In addition to classical intracellular receptor binding, there is evidence that cortisol and other steroid hormones can also interact with membrane components activating rapid signaling pathways (1315). This novel mechanism for cortisol is known as a non-genomic action and it has mainly been characterized using steroids analogs coupled to hydrophilic molecules such as bovine serum albumin (BSA) (13, 16). The complex glucocorticoid-BSA is an exclusive inductor of membrane-initiated effects and has been successfully used to discriminate the novel glucocorticoid actions in both in vitro and in vivo models (1619). In fish models, the non-genomic cortisol actions have been associated with the suppression of phagocytosis in the freshwater teleost Channa punctatus (17) and with the increased plasma membrane fluidity and activation of protein kinase cAMP-dependent (PKA), protein kinase B (PKB), and protein kinase C (PKC) signaling pathways in rainbow trout hepatocytes (20, 21). In addition, this cortisol action also induces the extracellular signal-regulated kinase (ERK)—cAMP-responsive element binding protein (CREB) signaling pathways activation and the up regulation of peroxisome proliferator-activated receptor γ co-activator 1 α (pgc1a) expression in isolated rainbow trout myotubes (22). Even though, the mechanisms involved in the non-genomic cortisol pathways are complex and diverses, the impact in the adaptive response in fish are far from clear (23). In addition, until know whether non-canonical cortisol actions contribute to the regulation of glucose-metabolism gene expression is unknown.

Gilthead sea bream (Sparus aurata) is a well-studied marine fish used as a model in diverse studies related to physiological acclimation to stress (24, 25). Exogenous cortisol administration in S. aurata has revealed key aspects of this hormone in the transcriptional regulation of osmoregulatory processes, immune responses, and metabolic acclimation (2628). In this line, even though it seems clear that cortisol increases circulatory glucose levels through the induction of hepatic gluconeogenesis-related genes, the impact of non-genomic cortisol actions over this process has not been explored yet.

In the present study, the rapid effects of membrane-initiated cortisol actions on the regulation of glucose and transcription of key glucose metabolism-related genes were studies in S. aurata. For this propose, we performed an in vivo assay in which S. aurata juveniles were injected with cortisol or with the membrane impermeable cortisol analog, cortisol-BSA. After 1 and 6 h of each treatment, plasma cortisol levels were measured, together with several metabolites in plasma, liver, and skeletal muscle. Hepatic transcript levels of corticosteroids receptors, as well as key gluconeogenesis and glycolysis related genes were also measured. The results were discussed in relation to the possible contribution of membrane-initiated cortisol actions on the regulation of glucose metabolism in fish liver and skeletal muscle.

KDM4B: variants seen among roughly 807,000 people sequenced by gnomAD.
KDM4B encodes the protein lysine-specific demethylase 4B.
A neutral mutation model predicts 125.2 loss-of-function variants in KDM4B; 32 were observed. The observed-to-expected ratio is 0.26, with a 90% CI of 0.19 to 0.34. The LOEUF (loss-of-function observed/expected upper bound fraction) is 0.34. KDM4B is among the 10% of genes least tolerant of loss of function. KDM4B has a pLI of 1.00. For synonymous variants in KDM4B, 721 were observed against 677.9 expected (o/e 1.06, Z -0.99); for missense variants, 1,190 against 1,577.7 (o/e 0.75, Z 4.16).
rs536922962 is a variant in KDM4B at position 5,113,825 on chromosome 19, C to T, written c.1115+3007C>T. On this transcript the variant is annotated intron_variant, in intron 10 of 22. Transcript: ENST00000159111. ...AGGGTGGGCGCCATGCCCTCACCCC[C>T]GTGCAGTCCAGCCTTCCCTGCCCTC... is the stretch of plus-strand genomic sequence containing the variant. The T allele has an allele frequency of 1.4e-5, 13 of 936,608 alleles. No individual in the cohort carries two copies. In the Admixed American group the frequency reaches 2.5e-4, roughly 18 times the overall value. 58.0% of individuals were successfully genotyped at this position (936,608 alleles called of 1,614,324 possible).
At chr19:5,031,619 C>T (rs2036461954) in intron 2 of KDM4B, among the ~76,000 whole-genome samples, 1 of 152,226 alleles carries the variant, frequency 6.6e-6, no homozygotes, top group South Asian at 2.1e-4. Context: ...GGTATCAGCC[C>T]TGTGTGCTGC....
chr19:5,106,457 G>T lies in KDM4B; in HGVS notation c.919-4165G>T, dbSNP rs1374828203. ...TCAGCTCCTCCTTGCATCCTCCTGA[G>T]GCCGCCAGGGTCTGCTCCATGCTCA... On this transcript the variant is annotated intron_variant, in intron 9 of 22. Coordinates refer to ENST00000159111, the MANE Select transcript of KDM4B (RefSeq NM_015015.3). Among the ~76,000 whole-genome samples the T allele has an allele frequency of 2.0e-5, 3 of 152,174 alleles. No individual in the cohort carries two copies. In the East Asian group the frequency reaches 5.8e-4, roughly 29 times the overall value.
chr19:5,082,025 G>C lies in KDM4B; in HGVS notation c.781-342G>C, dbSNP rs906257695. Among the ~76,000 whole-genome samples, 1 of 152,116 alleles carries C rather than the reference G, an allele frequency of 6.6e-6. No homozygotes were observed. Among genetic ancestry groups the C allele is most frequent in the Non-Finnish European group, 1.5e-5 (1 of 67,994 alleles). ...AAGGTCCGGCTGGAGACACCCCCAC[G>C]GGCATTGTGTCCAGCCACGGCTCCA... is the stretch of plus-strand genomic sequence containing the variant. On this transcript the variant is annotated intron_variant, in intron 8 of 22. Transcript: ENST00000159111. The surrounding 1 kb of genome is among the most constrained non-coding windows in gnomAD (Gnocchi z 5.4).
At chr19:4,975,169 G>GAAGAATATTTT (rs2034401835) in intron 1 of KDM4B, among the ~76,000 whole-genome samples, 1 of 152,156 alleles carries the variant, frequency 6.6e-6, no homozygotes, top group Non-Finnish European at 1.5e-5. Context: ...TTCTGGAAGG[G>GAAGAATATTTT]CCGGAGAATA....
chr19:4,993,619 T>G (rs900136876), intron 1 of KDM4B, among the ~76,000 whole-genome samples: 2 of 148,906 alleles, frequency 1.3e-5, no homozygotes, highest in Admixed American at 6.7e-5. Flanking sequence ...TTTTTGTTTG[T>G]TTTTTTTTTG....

Methodology

Emulation of Acute Stress in S. aurata Through the Exogenous Administration of Cortisol and Cortisol-BSA

Immature gilthead seabream (S. aurata) (16.1 ± 0.2 g body mass, mean ± SEM, n = 48) were obtained from Servicios Centrales de Investigación en Cultivos Marinos (SCI-CM, CASEM, University of Cadiz, Puerto Real, Cádiz, Spain; Spanish Operational Code REGA ES11028000312). Animals were randomly distributed in four 80-L tanks (~2.5 kg m−3 density) in a flow-through system, under natural photoperiod and constant temperature (18–19°C). Fish were fed daily with commercial pellets (1% of total animal weight). After 10 days of acclimation, fish of the first and second tanks were intraperitoneally administered with 0.01028 μM of cortisol (Sigma, St. Luis, MO) and 0.01028 μM of hydrocortisone-3-CMO-BSA (cortisol-BSA) (US biological, USA) dissolved in DMSO 1X, PBS 1X, and NP 40 0.05%, respectively. Preliminary experiments demonstrated that injection and manipulation of fish did not induce endogenous cortisol release and also this dose was appropriate to reach plasma levels of cortisol (~150 ng/mL) similar to those of an acute stress in S. aurata (29, 30) (Supplementary Figure 1). Fish of the third and fourth groups were administered with vehicle solution (DMSO, PBS 1X, NP 40 0.05%) and BSA (0.00892 mg/kg), respectively. The experiment was performed using duplicate tanks for each group. After 1 and 6 h of each treatment, all fish were euthanized by an overdose of 2-phenoxyethanol (1 mL/L). Blood was collected from caudal vessels with ammonium-heparinized syringes (Sigma-Aldrich H6279, 25000 units in 3 mL of saline 0.6 % NaCl).

Plasma was separated from cells by centrifugation of blood (3 min, 10,000 × g, 4°C), snap frozen in liquid nitrogen and stored at −80°C until analysis. The spinal cord of the fish was sectioned, and liver were collected, placed into tubes with 10-volumes (v/w) of RNAlater™ Soln (Invitrogen by Thermo Fisher Scientific), held for 24 h at 4°C and then stored at −20°C until total RNA isolation. In addition, liver and skeletal muscle were also excised, and the biopsies collected in microtubes were snap frozen in liquid nitrogen and stored at −80°C until the assay of metabolites content. The experiment complied with the EU directives for the protection of animals used for scientific purposes (2010/63/EU), the Spanish laws (law 32/2007 and RD 53/2013), and it was authorized by the Ethical Committee of the Universidad de Cádiz (Spain) for the use of laboratory animals and the Ethical Committee from the Andalusian Government (Junta de Andalucía reference number 28-04-15-241).

Plasma and Tissue Parameters